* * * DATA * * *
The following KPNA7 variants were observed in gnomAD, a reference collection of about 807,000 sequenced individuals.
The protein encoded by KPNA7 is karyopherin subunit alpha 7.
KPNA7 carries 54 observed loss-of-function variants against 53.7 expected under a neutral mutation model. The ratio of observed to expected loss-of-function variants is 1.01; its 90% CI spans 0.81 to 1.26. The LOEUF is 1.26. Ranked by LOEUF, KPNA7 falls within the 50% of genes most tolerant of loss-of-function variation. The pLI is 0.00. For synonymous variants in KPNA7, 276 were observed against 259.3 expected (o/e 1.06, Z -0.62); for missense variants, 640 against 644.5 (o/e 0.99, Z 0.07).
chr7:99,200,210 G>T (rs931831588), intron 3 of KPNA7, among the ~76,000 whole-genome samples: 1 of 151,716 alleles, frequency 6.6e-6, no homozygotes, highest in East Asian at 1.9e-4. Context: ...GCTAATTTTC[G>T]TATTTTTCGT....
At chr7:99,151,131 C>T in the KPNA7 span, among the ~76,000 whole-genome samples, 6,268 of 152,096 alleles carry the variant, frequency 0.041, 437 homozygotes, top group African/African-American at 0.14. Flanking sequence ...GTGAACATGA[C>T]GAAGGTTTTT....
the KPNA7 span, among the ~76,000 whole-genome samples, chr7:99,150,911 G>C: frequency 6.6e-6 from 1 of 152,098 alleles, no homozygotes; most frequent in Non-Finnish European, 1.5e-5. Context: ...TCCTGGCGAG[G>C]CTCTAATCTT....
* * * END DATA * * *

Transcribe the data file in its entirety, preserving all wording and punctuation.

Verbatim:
The following KPNA7 variants were observed in gnomAD, a reference collection of about 807,000 sequenced individuals.
The protein encoded by KPNA7 is karyopherin subunit alpha 7.
KPNA7 carries 54 observed loss-of-function variants against 53.7 expected under a neutral mutation model. The ratio of observed to expected loss-of-function variants is 1.01; its 90% CI spans 0.81 to 1.26. The LOEUF is 1.26. Ranked by LOEUF, KPNA7 falls within the 50% of genes most tolerant of loss-of-function variation. The pLI is 0.00. For synonymous variants in KPNA7, 276 were observed against 259.3 expected (o/e 1.06, Z -0.62); for missense variants, 640 against 644.5 (o/e 0.99, Z 0.07).
chr7:99,200,210 G>T (rs931831588), intron 3 of KPNA7, among the ~76,000 whole-genome samples: 1 of 151,716 alleles, frequency 6.6e-6, no homozygotes, highest in East Asian at 1.9e-4. Context: ...GCTAATTTTC[G>T]TATTTTTCGT....
At chr7:99,151,131 C>T in the KPNA7 span, among the ~76,000 whole-genome samples, 6,268 of 152,096 alleles carry the variant, frequency 0.041, 437 homozygotes, top group African/African-American at 0.14. Flanking sequence ...GTGAACATGA[C>T]GAAGGTTTTT....
the KPNA7 span, among the ~76,000 whole-genome samples, chr7:99,150,911 G>C: frequency 6.6e-6 from 1 of 152,098 alleles, no homozygotes; most frequent in Non-Finnish European, 1.5e-5. Context: ...TCCTGGCGAG[G>C]CTCTAATCTT....